Mating Dance

Caution: Contains mild “adult” material. Use your own judgement when sharing with the kiddos. HNWR Snapper_6644 ASSpring is the time for babies. It’s also the time for making babies. Looks are no impediment, even for a creature as prehistoric-looking as this Snapping Turtle. My first day on the Eagle Watch at Heinz NWR we arrived to find a pair of Snappers mating in the impoundment right in front of us. The entertainment went on for over an hour. Mating for Snappers involves a lot of biting, and the female is submerged for much of the time. Better her than me!Image

At one point another Snapper swam over to see if he could get in on the action, but he left disappointed. You know what they say – two’s company, three’s a crowd!Image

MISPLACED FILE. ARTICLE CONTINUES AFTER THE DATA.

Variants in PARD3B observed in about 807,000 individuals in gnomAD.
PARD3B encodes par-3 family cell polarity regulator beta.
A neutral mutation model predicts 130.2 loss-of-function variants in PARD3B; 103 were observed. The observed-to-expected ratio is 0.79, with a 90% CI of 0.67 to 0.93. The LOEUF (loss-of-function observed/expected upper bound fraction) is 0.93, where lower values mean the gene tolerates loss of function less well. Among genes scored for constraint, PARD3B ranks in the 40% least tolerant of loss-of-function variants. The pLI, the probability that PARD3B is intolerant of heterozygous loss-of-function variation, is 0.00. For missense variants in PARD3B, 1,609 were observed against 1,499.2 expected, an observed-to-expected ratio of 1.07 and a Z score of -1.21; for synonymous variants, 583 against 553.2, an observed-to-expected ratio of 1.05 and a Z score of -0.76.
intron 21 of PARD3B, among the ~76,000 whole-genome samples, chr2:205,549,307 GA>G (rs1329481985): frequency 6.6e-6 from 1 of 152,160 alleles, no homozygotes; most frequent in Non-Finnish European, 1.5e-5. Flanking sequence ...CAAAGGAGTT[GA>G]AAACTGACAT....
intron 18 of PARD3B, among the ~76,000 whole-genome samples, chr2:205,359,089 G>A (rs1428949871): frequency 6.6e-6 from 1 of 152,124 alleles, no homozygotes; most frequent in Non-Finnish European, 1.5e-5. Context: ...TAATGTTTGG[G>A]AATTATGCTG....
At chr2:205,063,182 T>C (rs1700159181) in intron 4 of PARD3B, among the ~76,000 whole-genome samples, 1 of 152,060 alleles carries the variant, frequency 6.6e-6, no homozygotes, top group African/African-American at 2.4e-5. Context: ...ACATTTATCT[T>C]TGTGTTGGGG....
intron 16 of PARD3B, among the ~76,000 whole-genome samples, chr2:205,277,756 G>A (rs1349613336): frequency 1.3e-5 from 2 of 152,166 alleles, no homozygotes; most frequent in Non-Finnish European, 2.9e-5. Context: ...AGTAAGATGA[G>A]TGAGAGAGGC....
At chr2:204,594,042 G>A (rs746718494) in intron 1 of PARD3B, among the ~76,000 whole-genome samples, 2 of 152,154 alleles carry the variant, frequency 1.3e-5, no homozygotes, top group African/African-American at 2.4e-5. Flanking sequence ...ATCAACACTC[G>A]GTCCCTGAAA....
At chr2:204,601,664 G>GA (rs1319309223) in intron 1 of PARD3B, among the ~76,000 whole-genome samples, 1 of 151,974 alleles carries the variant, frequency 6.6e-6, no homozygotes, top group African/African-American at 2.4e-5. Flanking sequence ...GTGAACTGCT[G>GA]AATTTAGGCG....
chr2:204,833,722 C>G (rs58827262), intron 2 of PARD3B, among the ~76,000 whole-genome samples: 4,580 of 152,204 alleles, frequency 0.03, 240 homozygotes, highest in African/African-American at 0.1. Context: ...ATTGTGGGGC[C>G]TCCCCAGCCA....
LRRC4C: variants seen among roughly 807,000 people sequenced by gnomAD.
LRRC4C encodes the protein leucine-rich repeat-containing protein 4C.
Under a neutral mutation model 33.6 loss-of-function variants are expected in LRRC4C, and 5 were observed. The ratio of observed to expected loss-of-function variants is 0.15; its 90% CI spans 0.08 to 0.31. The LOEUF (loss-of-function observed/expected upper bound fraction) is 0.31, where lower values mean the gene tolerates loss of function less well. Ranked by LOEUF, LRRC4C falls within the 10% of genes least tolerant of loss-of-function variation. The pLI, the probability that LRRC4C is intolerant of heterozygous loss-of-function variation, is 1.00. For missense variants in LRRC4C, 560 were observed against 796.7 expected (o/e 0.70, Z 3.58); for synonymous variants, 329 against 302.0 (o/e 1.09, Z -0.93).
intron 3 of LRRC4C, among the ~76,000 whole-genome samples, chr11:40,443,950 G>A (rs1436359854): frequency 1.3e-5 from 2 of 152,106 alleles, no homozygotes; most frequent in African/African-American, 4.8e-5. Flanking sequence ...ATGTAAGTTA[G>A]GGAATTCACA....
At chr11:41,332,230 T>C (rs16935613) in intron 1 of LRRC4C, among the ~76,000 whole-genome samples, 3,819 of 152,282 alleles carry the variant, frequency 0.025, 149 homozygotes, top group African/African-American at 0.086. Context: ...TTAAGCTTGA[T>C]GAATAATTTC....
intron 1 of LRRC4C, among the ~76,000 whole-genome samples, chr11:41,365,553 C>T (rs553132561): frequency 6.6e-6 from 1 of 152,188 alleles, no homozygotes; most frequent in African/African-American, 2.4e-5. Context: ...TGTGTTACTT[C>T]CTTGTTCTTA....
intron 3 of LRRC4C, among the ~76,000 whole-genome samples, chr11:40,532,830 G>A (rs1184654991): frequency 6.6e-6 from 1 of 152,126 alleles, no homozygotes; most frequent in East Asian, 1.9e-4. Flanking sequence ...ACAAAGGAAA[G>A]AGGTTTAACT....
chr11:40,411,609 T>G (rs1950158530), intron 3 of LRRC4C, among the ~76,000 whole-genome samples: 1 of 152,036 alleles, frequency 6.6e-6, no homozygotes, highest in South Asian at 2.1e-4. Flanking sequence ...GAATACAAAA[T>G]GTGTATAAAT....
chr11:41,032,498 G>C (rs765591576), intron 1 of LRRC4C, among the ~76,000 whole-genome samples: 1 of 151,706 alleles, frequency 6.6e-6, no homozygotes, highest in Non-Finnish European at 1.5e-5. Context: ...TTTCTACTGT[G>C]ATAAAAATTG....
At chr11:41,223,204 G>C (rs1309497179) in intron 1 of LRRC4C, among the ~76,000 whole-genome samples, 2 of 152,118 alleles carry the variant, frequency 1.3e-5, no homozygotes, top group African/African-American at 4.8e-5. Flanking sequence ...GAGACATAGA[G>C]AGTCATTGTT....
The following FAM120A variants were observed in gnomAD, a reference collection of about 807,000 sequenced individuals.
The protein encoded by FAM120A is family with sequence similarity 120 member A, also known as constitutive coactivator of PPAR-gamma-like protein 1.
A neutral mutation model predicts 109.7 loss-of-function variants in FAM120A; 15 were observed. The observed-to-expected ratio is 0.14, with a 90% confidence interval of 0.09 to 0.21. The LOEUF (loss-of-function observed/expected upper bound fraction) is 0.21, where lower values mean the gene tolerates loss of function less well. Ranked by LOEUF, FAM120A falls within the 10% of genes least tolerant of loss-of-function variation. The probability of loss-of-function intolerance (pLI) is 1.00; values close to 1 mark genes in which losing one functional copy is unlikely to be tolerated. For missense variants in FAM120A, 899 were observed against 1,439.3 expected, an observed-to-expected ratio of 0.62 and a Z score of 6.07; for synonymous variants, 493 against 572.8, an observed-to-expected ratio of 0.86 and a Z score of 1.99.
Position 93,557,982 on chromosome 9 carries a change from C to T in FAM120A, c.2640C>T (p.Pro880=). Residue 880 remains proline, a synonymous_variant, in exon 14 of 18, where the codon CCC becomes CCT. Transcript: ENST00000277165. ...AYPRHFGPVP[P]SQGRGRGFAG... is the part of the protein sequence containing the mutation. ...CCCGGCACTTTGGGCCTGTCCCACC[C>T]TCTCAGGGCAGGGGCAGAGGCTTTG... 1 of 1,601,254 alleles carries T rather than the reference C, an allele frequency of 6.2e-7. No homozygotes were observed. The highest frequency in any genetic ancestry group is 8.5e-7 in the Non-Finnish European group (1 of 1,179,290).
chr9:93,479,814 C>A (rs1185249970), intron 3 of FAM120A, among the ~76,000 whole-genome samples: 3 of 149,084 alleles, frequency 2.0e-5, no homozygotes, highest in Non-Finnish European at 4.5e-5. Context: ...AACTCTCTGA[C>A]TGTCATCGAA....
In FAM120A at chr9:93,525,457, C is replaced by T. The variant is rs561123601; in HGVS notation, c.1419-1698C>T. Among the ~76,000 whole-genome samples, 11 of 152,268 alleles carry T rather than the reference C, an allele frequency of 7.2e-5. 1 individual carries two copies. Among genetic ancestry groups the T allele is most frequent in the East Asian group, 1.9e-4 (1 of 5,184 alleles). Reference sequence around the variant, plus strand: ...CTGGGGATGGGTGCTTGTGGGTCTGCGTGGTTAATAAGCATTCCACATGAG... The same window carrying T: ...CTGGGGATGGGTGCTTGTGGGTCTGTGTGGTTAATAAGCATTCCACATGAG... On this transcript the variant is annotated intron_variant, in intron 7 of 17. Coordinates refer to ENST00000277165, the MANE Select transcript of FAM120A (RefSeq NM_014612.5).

FUN FACT: Snappers mate any time from March to November, but the nesting period is only a few weeks. Once they’ve mated, the male’s sperm can remain viable in the female’s body for up to several years. They will usually lay 25 to 50 eggs, which will hatch in two to three months. Snappers spend most of their lives in the water, in deep pools or buried in the mud of shallow ponds. On land they can be fierce when threatened, but are downright docile in the water.

HNWR Carp_8160Also on the Dance Card:

On another warm and sunny day, the carp came out to spawn, thrashing and circling each other in the shallows. Carp lay hundreds of thousands of eggs, which hatch in a few days with no further parental care. They are actually members of the Minnow family.

HNWR Carp_8166 A

And that’s the end of this tale!HNWR Snapper_6657 a